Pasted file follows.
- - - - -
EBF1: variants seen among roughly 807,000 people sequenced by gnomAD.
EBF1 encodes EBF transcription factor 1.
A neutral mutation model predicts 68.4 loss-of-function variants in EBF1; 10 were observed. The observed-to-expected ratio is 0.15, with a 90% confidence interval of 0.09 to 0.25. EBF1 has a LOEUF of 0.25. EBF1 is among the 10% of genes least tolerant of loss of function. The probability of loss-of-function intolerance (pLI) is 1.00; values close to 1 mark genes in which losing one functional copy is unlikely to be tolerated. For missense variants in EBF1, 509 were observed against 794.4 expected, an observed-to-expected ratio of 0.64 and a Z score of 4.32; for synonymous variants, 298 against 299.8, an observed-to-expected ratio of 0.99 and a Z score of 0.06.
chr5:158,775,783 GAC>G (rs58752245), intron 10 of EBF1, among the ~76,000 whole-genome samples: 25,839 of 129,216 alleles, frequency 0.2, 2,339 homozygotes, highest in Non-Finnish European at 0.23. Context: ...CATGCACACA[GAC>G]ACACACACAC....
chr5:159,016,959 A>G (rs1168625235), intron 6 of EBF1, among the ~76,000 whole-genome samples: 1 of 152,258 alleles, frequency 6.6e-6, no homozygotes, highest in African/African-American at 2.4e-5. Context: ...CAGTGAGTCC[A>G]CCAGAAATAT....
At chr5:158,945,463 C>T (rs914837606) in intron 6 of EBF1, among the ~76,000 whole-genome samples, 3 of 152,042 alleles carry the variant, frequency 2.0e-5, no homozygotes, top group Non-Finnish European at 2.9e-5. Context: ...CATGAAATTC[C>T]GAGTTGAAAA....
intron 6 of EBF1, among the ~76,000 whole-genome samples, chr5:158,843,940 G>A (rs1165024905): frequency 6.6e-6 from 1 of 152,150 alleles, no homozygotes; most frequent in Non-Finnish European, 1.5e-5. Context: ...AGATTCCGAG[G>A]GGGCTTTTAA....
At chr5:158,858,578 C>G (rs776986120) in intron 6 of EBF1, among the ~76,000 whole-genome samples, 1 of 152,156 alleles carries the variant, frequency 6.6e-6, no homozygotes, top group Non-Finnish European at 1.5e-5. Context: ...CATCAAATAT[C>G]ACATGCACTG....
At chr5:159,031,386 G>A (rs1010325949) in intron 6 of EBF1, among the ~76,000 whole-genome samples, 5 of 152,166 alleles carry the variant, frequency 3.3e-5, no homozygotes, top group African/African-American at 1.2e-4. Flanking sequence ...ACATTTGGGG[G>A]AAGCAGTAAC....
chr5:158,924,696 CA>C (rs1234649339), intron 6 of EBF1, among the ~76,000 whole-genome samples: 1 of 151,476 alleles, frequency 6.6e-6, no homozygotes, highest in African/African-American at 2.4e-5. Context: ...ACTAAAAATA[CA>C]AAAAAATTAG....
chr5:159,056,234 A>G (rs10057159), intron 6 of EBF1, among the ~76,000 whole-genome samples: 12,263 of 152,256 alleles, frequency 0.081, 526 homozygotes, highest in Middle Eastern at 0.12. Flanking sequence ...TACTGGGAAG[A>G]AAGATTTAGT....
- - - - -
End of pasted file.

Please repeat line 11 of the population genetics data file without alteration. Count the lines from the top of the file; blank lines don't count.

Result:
chr5:159,056,234 A>G (rs10057159), intron 6 of EBF1, among the ~76,000 whole-genome samples: 12,263 of 152,256 alleles, frequency 0.081, 526 homozygotes, highest in Middle Eastern at 0.12. Flanking sequence ...TACTGGGAAG[A>G]AAGATTTAGT....